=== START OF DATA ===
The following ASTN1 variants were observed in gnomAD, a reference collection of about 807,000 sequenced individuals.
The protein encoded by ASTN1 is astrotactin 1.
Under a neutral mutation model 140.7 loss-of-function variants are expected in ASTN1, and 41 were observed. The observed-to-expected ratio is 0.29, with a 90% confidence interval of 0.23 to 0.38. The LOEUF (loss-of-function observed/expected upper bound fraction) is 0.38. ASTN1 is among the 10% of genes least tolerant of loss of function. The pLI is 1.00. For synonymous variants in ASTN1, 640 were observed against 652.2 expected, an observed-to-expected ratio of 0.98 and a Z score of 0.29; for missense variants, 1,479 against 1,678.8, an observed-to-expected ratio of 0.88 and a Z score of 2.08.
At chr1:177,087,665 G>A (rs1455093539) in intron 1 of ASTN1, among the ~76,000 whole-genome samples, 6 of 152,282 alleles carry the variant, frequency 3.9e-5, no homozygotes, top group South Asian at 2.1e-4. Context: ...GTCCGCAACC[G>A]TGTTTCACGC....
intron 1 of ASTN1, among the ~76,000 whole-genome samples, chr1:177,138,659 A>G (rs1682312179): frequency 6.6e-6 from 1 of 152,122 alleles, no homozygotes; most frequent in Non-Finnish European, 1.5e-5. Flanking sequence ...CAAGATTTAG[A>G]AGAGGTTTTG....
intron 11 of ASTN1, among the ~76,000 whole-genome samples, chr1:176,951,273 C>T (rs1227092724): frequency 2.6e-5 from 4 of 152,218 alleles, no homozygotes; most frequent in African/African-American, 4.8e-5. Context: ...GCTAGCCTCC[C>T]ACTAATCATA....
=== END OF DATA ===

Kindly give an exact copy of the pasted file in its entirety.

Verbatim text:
The following ASTN1 variants were observed in gnomAD, a reference collection of about 807,000 sequenced individuals.
The protein encoded by ASTN1 is astrotactin 1.
Under a neutral mutation model 140.7 loss-of-function variants are expected in ASTN1, and 41 were observed. The observed-to-expected ratio is 0.29, with a 90% confidence interval of 0.23 to 0.38. The LOEUF (loss-of-function observed/expected upper bound fraction) is 0.38. ASTN1 is among the 10% of genes least tolerant of loss of function. The pLI is 1.00. For synonymous variants in ASTN1, 640 were observed against 652.2 expected, an observed-to-expected ratio of 0.98 and a Z score of 0.29; for missense variants, 1,479 against 1,678.8, an observed-to-expected ratio of 0.88 and a Z score of 2.08.
At chr1:177,087,665 G>A (rs1455093539) in intron 1 of ASTN1, among the ~76,000 whole-genome samples, 6 of 152,282 alleles carry the variant, frequency 3.9e-5, no homozygotes, top group South Asian at 2.1e-4. Context: ...GTCCGCAACC[G>A]TGTTTCACGC....
intron 1 of ASTN1, among the ~76,000 whole-genome samples, chr1:177,138,659 A>G (rs1682312179): frequency 6.6e-6 from 1 of 152,122 alleles, no homozygotes; most frequent in Non-Finnish European, 1.5e-5. Flanking sequence ...CAAGATTTAG[A>G]AGAGGTTTTG....
intron 11 of ASTN1, among the ~76,000 whole-genome samples, chr1:176,951,273 C>T (rs1227092724): frequency 2.6e-5 from 4 of 152,218 alleles, no homozygotes; most frequent in African/African-American, 4.8e-5. Context: ...GCTAGCCTCC[C>T]ACTAATCATA....